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The expectations game, and forecasts of a little light fascism on the horizon

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Check out the lede to the NYT story on the new CPI number:

A closely watched measure of inflation remained stronger than expected in March, worrying news for Federal Reserve officials who have become increasingly concerned that their progress on lowering prices increases might be stalling.

The surprisingly stubborn inflation reading could raise doubts about when the Fed will be able to start cutting interest rates, and how much they will be able to reduce borrowing costs this year.

The Consumer Price Index climbed 3.8 percent on an annual basis after stripping out food and fuel prices, which economists do in order to get a better sense of the underlying inflation trend. That “core” index was stronger than the 3.7 percent increase economists expected, and unchanged from 3.8 percent in February. The monthly reading was also stronger than what economists had forecast.

OK we have at least a few professional economists here at LGM, and I have some questions:

(1) What’s the confidence interval for a statement like “core inflation was up 3.8% in March, year over year?” I mean I assume there’s some uncertainty in the measurement here? What’s the probability that the actual number was, say, 3.7% or lower? Significant? Because if so, then this next statement . . .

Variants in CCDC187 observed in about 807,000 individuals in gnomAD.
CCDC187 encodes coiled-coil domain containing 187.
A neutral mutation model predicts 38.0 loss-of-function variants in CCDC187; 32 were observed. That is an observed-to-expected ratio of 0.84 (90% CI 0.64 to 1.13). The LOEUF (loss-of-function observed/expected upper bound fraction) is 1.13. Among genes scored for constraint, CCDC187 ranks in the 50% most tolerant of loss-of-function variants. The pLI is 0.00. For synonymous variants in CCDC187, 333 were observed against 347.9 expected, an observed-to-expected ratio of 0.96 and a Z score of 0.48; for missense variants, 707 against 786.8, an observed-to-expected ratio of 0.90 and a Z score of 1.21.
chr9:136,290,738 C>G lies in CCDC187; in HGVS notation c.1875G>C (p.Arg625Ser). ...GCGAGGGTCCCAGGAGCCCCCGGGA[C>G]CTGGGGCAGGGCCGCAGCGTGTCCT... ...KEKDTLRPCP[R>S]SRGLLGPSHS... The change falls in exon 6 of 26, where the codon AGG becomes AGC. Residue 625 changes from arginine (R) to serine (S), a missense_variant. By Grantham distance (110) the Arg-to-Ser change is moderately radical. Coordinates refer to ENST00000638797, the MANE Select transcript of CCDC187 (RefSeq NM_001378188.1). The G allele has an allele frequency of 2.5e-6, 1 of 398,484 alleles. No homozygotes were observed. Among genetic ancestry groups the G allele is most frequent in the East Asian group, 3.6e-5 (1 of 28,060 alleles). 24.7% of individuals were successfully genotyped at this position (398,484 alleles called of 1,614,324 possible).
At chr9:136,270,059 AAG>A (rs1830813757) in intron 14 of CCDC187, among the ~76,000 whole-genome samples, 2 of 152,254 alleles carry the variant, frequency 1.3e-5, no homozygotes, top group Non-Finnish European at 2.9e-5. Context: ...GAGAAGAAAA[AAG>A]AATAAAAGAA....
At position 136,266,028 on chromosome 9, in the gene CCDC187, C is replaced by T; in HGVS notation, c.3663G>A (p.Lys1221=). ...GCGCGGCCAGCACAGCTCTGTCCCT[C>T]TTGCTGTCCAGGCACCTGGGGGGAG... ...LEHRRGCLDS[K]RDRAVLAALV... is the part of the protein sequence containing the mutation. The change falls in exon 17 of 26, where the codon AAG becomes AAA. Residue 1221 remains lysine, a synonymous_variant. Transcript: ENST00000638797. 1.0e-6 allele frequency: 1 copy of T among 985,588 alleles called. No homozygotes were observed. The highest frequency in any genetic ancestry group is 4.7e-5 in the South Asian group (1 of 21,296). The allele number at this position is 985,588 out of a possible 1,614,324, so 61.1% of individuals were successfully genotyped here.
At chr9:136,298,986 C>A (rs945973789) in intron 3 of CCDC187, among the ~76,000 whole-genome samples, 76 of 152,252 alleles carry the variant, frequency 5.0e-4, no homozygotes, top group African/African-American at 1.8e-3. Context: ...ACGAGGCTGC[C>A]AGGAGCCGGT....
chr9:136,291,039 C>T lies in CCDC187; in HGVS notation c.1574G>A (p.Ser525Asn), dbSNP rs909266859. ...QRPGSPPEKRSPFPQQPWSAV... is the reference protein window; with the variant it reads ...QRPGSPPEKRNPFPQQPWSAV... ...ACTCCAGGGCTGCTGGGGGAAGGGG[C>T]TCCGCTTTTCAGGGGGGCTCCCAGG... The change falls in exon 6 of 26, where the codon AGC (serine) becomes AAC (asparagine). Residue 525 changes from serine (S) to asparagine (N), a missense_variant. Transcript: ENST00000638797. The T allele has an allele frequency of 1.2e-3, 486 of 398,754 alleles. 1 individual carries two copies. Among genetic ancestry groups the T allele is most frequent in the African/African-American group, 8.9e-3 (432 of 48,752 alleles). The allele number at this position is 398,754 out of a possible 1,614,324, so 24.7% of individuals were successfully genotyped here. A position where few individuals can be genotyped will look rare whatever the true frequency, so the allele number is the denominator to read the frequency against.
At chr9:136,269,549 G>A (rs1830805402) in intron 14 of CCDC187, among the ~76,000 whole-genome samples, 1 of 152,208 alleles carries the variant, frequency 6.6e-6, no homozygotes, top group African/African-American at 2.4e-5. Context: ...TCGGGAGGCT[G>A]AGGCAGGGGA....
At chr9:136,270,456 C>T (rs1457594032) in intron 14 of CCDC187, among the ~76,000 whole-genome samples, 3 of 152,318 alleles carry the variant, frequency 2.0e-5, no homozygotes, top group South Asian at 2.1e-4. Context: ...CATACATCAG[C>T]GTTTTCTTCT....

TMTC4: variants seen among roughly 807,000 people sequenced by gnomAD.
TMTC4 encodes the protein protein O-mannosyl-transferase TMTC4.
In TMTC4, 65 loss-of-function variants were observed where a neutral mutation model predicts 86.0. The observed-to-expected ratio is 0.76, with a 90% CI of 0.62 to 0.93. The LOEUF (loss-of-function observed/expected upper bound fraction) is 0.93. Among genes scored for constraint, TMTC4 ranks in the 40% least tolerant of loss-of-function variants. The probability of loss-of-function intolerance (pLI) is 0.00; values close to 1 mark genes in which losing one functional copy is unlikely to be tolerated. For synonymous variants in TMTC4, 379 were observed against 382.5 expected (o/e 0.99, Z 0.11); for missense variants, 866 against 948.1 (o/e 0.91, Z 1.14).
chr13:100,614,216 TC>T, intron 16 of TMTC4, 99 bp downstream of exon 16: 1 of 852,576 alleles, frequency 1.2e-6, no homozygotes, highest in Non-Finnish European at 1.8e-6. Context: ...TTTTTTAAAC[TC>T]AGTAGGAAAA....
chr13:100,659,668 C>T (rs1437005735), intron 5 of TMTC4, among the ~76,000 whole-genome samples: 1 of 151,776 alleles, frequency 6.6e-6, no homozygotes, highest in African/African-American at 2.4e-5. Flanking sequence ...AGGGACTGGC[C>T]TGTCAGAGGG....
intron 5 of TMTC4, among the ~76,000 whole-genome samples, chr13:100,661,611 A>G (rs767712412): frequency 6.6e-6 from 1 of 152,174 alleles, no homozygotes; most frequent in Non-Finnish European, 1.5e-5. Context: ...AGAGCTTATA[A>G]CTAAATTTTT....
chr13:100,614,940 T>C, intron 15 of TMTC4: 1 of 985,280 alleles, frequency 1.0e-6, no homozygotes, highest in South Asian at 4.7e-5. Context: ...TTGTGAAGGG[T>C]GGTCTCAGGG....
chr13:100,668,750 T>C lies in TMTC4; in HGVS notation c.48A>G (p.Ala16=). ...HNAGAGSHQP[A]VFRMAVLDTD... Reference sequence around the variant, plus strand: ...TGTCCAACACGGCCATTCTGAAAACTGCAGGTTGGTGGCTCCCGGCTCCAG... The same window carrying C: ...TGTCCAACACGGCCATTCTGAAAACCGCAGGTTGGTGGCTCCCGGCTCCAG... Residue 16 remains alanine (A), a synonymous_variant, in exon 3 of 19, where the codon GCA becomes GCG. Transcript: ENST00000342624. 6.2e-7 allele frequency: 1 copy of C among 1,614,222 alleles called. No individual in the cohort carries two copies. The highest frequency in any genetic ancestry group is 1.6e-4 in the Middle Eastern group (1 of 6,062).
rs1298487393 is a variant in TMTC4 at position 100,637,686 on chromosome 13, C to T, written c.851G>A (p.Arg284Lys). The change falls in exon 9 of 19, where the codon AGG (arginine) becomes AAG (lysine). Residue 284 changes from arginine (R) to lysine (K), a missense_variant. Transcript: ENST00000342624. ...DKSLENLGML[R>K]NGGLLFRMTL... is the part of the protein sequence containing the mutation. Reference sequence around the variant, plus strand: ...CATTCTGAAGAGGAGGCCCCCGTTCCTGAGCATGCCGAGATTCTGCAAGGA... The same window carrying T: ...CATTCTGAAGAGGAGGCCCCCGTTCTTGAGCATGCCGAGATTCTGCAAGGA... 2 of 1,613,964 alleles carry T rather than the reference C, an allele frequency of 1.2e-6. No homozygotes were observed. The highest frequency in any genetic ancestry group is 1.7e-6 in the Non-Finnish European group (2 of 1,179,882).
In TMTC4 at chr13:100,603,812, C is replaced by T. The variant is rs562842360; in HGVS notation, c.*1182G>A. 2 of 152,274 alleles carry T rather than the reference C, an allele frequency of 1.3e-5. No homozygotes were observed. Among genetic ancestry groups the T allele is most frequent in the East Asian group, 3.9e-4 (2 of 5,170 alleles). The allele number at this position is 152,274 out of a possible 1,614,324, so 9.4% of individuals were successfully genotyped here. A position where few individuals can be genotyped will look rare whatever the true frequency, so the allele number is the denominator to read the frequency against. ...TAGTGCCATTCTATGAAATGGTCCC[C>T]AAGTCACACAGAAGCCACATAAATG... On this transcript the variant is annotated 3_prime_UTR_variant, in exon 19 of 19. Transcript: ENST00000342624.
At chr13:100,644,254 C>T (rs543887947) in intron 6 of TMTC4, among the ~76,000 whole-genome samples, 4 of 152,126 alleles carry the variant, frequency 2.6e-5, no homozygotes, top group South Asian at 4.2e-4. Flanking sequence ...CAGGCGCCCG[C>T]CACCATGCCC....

(2) “That ‘core index’ was stronger than the 3.7 percent increase economists expected, and unchanged from 3.8 percent in February,” is very problematic for at least a couple of reasons. First, if there’s a good chance that the number “economists expected” was the actual number, then there isn’t even a story here. But beyond that, who exactly are these economists who are doing the expecting? I assume there isn’t some Monthly Convocation of the Grand Imperial Order of Economists that issues formal decrees on what The Official Expectation of the Ancient and Sacred Order actually is, right? I’m assuming if last week you had asked a bunch of economists about what they expected core inflation to be year over year in March of 2024 in the USA you would get a bunch of answers, and that at best 3.7% (which for you lawyers out there is exactly one tenth of one percent less than 3.8%) would be some sort of median or average or mode or some goddamned statistical thing, as opposed to a new law of thermodynamics.

You see where I’m going with this, which is that this whole narrative about what’s happening with inflation, and what it means or should mean to the Fed in regard to interest rates, is based on what by the skin of my yellow country teeth looks like statistical vaporware, or magical journalistic framing incantations, or what have you.

So I have questions. Please discuss, before we all go to hell any faster than we are currently going.

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